With the aim of facilitating the new complexity lower-bounds in parallel settings we turn to the task of finding high CC graphs for the parallel pebbling game. First we look at several types of graphs such as certain stacks of superconcentrators, permutation graphs, bit-reversal graphs and pyramid graphs, which are known to have high (even optimally so) complexity in the sequential setting. We show that all of them have much lower parallel CC then one could hope for from a graph of equal size. This motivates our first main technical result, namely the construction of a new family of constant in-degree graphs whose parallel CC approaches maximality to within a polylogarithmic factor.\\\\

The second contribution of this work is to demonstrate an application of these new theoretical tools, in particular to the field of cryptography. Memory-hard function (MHF), introduced by Percival~\\cite{Per09}, have the intuitive goal of leverage the relatively high cost of memory in integrated circuits compared to general purpose computers in order to decrease the attractiveness of using custom circuits to mount brute-force attacks. We provide a new formalization for key property of such functions (overcoming problems with the approach of~\\cite{Per09}) using a new type of \\emph{amortized} computational hardness for families of functions in the (parallel) random oracle model. We motivate the hardness definition by showing how it provides an immediate lower-bound on the monetary cost of repeatedly evaluating such functions in several real-world (parallel) computational environments (e.g. FPGAs, ASICs, Cloud Computers). Indeed, in practice such devices are often the most cost effective means for mounting large-scale brute-force attacks on security relevant functions (such as say Proofs-of-Work and the hash functions used to obscure stored passwords in login servers). As the main technical result of this section, for the family of functions $f_G$ (over strings) characterized via a given DAG $G$, we prove a lower-bound on the hardness of $f_G$ in terms of the parallel CC of $G$. In consequence, we obtain the first provably secure (and intuitively sound) MHF.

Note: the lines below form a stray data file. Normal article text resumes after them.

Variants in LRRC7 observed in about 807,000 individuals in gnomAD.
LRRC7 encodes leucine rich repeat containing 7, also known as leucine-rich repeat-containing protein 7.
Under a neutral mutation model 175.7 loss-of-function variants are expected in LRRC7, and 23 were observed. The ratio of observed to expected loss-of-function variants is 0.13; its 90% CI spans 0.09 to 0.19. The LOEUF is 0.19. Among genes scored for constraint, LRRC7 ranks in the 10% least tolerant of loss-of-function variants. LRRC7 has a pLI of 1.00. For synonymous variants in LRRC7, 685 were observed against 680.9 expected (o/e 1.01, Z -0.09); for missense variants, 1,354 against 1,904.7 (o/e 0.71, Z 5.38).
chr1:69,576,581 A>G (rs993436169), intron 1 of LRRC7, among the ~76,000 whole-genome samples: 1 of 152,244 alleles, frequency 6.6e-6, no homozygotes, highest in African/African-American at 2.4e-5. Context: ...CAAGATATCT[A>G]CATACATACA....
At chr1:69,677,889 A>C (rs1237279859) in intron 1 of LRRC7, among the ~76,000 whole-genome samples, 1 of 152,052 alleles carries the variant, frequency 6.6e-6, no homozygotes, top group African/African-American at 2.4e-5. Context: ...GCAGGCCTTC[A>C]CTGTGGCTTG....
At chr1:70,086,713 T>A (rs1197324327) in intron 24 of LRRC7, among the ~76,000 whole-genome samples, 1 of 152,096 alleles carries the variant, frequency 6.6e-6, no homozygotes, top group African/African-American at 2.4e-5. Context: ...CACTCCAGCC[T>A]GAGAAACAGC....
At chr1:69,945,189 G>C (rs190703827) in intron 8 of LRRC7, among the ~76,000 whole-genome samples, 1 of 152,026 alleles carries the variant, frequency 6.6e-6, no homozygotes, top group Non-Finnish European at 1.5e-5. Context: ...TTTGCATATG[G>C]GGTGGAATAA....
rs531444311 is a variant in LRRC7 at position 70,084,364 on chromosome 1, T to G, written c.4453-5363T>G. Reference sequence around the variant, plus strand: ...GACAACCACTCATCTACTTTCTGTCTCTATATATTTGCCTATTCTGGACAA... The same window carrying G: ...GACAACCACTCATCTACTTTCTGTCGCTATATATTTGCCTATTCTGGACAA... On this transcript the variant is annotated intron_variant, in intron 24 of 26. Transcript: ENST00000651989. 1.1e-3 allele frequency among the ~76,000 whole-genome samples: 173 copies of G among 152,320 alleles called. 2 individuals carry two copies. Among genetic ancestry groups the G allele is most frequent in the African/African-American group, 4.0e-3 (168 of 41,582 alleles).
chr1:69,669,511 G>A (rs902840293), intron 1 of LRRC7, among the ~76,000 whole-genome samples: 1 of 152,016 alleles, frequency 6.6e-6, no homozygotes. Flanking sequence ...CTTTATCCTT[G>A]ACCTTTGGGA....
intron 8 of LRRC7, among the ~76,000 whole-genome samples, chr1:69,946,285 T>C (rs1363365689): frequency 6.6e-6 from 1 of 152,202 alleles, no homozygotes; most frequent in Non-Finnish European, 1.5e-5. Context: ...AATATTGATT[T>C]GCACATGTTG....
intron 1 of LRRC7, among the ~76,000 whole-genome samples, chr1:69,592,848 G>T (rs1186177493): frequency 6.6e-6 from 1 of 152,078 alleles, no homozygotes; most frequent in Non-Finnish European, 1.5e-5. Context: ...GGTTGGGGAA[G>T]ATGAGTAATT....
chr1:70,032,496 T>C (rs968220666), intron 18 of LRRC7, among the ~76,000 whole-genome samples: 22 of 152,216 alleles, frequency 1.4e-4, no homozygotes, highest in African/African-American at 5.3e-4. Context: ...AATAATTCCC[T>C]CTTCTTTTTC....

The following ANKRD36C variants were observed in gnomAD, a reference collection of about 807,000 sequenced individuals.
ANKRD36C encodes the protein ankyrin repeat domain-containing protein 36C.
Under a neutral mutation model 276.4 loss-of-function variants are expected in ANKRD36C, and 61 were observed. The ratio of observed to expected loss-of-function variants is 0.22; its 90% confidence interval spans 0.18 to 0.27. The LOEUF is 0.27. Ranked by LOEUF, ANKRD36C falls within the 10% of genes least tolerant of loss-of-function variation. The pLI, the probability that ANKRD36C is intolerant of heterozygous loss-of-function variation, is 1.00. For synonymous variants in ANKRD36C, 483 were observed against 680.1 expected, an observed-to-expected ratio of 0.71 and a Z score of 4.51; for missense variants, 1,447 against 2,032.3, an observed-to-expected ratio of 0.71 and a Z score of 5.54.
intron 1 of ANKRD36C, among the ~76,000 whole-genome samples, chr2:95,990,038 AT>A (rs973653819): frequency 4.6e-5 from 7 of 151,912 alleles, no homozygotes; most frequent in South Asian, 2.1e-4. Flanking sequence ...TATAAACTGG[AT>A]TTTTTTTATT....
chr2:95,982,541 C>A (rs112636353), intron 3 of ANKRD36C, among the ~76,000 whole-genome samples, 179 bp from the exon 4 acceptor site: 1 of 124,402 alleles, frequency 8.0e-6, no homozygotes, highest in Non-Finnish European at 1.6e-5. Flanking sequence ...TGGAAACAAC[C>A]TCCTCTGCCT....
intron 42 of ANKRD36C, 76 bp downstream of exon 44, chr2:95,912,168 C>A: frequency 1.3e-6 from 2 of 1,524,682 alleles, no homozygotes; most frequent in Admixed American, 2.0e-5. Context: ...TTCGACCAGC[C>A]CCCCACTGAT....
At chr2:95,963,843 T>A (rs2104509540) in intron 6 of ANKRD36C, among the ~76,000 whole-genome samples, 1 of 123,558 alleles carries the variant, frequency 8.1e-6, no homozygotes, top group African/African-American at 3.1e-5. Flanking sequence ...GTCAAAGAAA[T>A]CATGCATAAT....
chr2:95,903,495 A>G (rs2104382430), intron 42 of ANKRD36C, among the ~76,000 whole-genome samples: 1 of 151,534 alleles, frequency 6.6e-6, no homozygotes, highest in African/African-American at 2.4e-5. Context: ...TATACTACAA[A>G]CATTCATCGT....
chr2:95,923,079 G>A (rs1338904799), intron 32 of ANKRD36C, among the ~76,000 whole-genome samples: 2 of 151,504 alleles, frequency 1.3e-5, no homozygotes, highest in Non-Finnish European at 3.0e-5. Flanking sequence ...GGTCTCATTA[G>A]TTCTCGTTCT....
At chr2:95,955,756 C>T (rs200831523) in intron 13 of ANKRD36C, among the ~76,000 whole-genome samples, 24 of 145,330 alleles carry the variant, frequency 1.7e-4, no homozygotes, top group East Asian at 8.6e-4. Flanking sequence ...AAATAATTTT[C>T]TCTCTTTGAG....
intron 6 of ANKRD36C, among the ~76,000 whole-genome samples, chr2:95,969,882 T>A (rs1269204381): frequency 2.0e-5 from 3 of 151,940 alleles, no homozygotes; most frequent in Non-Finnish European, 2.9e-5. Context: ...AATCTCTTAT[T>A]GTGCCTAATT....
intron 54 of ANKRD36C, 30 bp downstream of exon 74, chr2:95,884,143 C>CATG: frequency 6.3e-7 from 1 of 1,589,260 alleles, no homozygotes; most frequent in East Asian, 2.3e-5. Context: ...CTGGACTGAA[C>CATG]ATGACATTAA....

14:46 [Job][New] PhD scholarship, University of Auckland, New Zealand

  The Inaugural Sir Vaughan F.R. Jones PhD Scholarship

This prestigious scholarship will fund the research in any area of mathematics of a PhD student supervised by a member of the Department of Mathematics. Selection is based purely on the record and research promise of the candidate. The Jones Scholarship offers an annual stipend of NZ$25,000 (tax free), plus fees, for three years of PhD study.

New Zealand mathematician Vaughan Jones, KNZM FRS FRSNZ FAAAS, was awarded the Fields Medal in 1990. He is Distinguished Professor at both the University of Auckland and Vanderbilt University. He is best known for his work on knot (Jones) polynomials and von Neumann algebras.

Interested candidates are encouraged to contact members of the Department informally concerning possible research projects. For public key cryptography or number theory, please contact Steven Galbraith.

Full applications must be received by August 30, 2014.

15:05 [Event][New] M2MSec'14: First International Workshop on Security and Privacy in M2M Communications

  Submission: 1 June 2014
Notification: 1 July 2014
From October 29 to October 29
Location: San Francisco, USA